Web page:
If you couldn’t guess from the plot description, Cargo is certainly a thought-provoking film with a high amount of versimilitude, not afraid to delve into complicated issues and themes such as austerity, slavery/trafficking, racism and more. One of the primary ways the film investigates these topics is through it’s use of character – not just the main characters, but also through the everyday people and life happening in the background that get caught in this tragic tale. The audience is shown the struggles these people face, from trudging around in dirty water and mud, to not being able to afford new clothes to much more and much worse, and is made to watch as their simply don’t get any better. Whilst, there is a glimmer of hope throughout the film this doesn’t last long, and Cargo can be seen as very much taking the stance of hopelessness. This is especially evident in the closing line which makes it clear that perhaps the ‘sweet release of death’ is all that these people can look forward to – a cyncical view but one that is unfortunately steeped in reality.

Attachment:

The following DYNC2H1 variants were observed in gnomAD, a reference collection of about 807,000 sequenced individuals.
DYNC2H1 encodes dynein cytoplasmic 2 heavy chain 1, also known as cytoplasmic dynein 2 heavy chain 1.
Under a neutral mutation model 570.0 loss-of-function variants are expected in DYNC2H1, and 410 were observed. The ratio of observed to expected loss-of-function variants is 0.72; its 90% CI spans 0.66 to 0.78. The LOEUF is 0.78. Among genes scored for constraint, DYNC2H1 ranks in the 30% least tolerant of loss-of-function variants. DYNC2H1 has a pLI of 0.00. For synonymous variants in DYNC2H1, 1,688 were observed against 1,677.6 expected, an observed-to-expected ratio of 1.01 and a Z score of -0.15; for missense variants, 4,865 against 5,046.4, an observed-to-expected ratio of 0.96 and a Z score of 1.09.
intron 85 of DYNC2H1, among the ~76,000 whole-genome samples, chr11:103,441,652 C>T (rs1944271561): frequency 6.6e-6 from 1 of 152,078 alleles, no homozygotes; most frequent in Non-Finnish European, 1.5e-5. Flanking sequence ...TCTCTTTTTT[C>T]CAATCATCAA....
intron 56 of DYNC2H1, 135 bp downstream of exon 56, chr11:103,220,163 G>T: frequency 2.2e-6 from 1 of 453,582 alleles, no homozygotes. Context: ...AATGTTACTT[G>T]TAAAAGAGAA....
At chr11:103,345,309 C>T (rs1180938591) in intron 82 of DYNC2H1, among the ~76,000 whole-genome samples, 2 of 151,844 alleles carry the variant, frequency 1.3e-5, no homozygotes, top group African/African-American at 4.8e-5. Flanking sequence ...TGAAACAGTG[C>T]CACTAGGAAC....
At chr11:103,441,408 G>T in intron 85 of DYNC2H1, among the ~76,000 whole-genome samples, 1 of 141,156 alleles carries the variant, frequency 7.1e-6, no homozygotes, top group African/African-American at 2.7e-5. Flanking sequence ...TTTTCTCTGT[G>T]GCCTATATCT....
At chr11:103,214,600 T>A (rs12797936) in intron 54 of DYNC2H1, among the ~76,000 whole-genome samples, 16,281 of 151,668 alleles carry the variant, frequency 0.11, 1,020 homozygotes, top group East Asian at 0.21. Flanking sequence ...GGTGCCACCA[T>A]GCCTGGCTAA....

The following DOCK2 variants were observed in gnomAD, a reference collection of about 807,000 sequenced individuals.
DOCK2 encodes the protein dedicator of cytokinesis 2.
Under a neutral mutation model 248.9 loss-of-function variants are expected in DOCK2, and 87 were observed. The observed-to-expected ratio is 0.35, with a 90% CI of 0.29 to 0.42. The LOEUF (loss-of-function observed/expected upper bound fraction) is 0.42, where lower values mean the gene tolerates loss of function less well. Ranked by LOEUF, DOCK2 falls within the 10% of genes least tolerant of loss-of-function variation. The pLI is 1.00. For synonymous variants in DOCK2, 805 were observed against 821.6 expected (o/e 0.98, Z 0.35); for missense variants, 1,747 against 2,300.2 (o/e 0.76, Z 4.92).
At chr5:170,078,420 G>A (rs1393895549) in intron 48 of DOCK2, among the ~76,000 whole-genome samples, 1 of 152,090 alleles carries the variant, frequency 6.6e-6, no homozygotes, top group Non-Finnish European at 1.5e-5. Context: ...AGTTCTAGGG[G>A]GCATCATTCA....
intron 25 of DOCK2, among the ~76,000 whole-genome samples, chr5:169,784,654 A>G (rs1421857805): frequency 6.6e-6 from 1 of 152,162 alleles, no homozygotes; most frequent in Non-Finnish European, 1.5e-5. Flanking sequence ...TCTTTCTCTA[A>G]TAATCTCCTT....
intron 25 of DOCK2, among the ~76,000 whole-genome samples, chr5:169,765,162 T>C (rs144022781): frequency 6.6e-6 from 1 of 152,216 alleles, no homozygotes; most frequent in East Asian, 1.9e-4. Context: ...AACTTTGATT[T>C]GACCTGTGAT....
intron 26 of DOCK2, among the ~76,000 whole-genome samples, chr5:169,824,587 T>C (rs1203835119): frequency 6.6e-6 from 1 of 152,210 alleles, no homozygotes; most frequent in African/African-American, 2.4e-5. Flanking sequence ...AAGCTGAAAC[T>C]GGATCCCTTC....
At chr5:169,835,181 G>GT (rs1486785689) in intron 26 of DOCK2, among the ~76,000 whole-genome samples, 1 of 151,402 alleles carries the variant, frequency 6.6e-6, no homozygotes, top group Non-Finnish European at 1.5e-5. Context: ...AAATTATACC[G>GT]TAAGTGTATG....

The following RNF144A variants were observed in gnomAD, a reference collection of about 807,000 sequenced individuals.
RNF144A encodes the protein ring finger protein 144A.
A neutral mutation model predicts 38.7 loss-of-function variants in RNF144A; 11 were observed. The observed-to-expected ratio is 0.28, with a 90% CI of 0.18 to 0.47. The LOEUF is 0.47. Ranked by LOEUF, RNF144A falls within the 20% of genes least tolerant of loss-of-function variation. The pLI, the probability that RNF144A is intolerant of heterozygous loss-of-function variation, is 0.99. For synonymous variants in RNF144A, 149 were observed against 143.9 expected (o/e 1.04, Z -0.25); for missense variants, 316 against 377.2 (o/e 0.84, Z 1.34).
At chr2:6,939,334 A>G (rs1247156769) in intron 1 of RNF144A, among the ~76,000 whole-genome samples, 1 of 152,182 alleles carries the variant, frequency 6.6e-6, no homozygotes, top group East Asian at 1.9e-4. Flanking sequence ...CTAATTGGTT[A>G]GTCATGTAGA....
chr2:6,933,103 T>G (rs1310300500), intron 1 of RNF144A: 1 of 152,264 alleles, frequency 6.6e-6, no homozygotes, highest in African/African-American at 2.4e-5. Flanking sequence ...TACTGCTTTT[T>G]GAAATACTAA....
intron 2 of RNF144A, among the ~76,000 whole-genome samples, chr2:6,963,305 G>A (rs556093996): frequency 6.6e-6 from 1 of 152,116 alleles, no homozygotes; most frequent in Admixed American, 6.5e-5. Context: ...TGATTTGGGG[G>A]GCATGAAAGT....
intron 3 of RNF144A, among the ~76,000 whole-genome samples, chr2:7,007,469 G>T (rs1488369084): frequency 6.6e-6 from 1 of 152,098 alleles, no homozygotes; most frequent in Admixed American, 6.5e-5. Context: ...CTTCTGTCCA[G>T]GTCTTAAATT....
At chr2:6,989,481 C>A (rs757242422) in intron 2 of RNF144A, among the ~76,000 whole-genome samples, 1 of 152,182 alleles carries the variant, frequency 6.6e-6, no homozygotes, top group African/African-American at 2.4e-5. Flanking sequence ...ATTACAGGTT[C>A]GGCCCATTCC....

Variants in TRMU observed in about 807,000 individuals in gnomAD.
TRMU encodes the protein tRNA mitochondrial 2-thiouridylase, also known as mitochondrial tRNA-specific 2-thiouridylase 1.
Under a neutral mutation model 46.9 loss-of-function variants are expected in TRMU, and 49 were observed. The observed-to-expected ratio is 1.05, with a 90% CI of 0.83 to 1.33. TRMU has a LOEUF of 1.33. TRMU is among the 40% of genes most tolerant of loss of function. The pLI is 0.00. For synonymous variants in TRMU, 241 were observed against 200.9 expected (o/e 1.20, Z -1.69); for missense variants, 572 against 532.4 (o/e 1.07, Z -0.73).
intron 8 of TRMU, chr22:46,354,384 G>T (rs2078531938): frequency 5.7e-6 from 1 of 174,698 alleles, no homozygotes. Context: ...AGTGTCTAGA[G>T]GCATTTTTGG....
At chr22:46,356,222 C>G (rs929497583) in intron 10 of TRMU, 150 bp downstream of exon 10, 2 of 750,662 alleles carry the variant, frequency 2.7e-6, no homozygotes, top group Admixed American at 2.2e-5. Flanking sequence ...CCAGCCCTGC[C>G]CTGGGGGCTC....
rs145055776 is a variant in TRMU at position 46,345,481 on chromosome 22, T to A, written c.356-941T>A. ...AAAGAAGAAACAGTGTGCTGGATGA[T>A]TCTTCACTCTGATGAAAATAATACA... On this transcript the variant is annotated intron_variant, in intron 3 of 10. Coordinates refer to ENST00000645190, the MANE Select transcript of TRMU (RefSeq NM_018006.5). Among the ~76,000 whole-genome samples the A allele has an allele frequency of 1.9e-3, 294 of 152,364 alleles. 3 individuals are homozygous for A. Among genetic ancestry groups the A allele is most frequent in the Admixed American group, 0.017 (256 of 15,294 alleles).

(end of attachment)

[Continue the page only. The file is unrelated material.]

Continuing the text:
Technically-wise the film is decent. The slow and methodical approach is evident again through the cinematography and editing; shots are allowed to linger (be it on scenes of happiness or quite the opposite) for reasons similar to the above. This means the audience has time to connect with these characters and their plight, creating more emotion and sympathy that hopefully can extend to the real world. Furthermore, the acting is also good, despite the sometimes on the nose and rigid dialogue.
All-in-all, Cargo is an interesting and intellectual piece of cinema, which does well to deal with difficult and timely issues. Although, it’s slow nature does make it a tad boring in parts, this is only a minor issue. If you like a good drama, and aren’t afraid to be faced with the toughness of reality, give this film a watch.